Maz Saleem’s 82-year-old father Mohammed was fatally stabbed by Pavlo Lapshyn in 2013. Lapshyn, a white supremacist from Ukraine, went on to plant bombs outside three mosques in the Midlands before being arrested.
In a police interview, he said his motive was to “increase racial conflict”. The year after Lapshyn’s attack, fellow neo-Nazis in Ukraine formed a militia called the Azov battalion, in response to Russian aggression in the country.
UK defence minister James Heappey told parliament on Thursday that the Azov battalion “has an ultra-nationalist background, with founding members espousing white nationalist and ultra-nationalist views, as well as endorsing some Anti-Semitic views.”
However, Heappey said Britain has no plans to recover unused anti-tank weapons from Ukraine after the conflict.
In the short-term, the weapons are likely being used to defend Mariupol from Russian invaders. The besieged city in south east Ukraine is an Azov battalion stronghold, where civilians have been repeatedly targeted by Vladimir Putin’s troops.
In the longer-term, there is a risk that such equipment could be used for other purposes, with the EU already concerned about arms trafficking out of Ukraine.
Saleem told Declassified that UK border authorities should “intercept their weapons at ports and other places of entry” if far-right extremists try to smuggle firearms into Britain.
She added: “More so than the weapons the Azovs possess, they have routinely invited European far-right groups to Ukraine to train in their camps.
“What my family found out the hard way is we cannot stop ideologies crossing borders, and the UK allowed someone with a known history of neo-Nazism and bomb-making to travel to Britain.”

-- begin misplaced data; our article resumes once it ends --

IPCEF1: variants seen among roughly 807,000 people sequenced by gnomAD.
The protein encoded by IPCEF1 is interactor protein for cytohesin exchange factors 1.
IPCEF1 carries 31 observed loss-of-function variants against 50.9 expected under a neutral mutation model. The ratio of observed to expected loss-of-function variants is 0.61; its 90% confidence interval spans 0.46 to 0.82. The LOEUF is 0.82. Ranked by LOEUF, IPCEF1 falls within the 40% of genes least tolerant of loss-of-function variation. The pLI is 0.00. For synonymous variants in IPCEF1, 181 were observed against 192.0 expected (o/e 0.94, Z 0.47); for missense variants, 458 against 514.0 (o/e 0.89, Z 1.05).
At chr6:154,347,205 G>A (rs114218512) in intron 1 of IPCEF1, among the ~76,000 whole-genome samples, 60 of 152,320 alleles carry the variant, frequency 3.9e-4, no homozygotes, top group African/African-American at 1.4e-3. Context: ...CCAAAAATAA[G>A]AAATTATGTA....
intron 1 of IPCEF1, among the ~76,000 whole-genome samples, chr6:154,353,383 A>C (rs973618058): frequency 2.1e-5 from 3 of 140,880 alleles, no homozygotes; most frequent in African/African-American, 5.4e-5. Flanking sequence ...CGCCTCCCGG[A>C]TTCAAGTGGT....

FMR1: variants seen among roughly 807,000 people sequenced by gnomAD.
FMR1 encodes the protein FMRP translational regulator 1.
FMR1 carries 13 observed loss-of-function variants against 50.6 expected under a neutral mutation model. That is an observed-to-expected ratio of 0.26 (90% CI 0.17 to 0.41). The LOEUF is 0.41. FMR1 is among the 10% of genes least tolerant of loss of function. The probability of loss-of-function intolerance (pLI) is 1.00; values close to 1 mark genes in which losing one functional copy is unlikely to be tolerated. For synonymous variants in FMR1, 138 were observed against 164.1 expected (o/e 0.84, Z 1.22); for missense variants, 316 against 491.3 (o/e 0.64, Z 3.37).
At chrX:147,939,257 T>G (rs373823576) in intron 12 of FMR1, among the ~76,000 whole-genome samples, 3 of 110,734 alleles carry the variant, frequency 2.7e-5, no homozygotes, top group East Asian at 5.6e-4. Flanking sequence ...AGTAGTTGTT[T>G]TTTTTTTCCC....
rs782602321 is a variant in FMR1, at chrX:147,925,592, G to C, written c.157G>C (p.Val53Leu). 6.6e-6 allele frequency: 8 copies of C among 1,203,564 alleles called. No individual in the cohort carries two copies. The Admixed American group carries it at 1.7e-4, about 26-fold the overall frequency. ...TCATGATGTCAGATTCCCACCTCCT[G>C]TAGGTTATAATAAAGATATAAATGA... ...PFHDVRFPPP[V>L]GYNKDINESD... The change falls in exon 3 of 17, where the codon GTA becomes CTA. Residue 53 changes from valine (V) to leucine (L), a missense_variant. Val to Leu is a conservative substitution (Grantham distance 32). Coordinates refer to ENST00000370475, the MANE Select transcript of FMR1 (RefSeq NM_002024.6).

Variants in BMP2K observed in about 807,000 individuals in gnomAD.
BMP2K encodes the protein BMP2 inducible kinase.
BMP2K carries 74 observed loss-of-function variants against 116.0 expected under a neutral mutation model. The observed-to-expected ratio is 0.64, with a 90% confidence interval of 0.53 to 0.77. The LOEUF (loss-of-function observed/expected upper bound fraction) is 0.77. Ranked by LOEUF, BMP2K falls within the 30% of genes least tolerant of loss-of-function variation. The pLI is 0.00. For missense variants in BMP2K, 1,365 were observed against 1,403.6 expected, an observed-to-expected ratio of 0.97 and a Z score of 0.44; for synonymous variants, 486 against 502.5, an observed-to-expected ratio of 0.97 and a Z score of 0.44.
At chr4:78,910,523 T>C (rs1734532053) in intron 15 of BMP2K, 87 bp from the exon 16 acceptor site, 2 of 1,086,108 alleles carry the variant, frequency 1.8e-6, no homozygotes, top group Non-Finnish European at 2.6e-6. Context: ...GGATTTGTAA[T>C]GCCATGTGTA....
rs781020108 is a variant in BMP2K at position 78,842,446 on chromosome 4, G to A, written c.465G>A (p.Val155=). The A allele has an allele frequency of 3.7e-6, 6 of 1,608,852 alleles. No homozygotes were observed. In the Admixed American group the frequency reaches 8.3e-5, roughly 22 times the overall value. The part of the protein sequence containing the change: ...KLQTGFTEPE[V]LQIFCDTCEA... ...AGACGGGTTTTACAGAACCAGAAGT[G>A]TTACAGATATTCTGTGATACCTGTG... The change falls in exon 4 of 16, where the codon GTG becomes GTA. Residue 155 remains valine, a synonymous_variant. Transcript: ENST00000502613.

Her concerns echo comments made by Dr Chris Allen, a criminologist at Leicester University who independently advised the government on hate crime.
Dr Allen told Declassified that the conflict in Ukraine was a “fantastic opportunity” for violent far-right groups in Britain “to learn military skills” and take their cause “to the next level”.
He said that although the numbers of British far-right activists looking to fight in Ukraine was low, it was “on the radar” of counter-terrorism experts.
He added that foreign secretary Liz Truss caused alarm in security circles for saying she “absolutely” supported people volunteering to join President Zelensky’s international legion.
“They were really concerned about that because it almost gives permission,” Dr Allen remarked. UK ministers have since reformulated their policy, advising against travel to Ukraine and warning that foreign fighters could be investigated upon their return.
Right-wing extremists are becoming increasingly active in Britain and accounted for 41% of terrorism arrests last year. Among the most dangerous groups is National Action, a neo-Nazi terrorist group with links to the Azov battalion.
It was banned by the Home Office in 2016 after celebrating the murder of MP Jo Cox. Dr Allen wrote an academic study of the group for the Home Office’s Commission for Countering Extremism.
He told Declassified that “people from National Action had been going over to Ukraine and training with the Azov Battalion. It’s one of those things that we know has happened in the past, and now with the access to military hardware this can be a very good training ground for people that do want to take things to the next level.”
A National Action organiser, Mark Jones, visited the Azov battalion’s headquarters in 2017. He was later jailed in Britain under the Terrorism Act. Police found a photo of him giving a Hitler salute in the execution room of Buchenwald concentration camp.
The presence of neo-Nazi groups in Ukraine was used by Putin in an attempt to justify his illegal invasion. However, Russian atrocities in Mariupol are only likely to increase the Azov battalion’s credibility.
The group has set up territorial defence units in other parts of Ukraine, with the country’s Jewish president Volodymyr Zelensky on Saturday rewarding an Azov commander “for the defence of the hero city of Mariupol”.
Far-right parties only won 2% of the vote at Ukraine’s last election in 2019. Extreme right-wing activists are also prevalent in Russia, including among Putin supporters.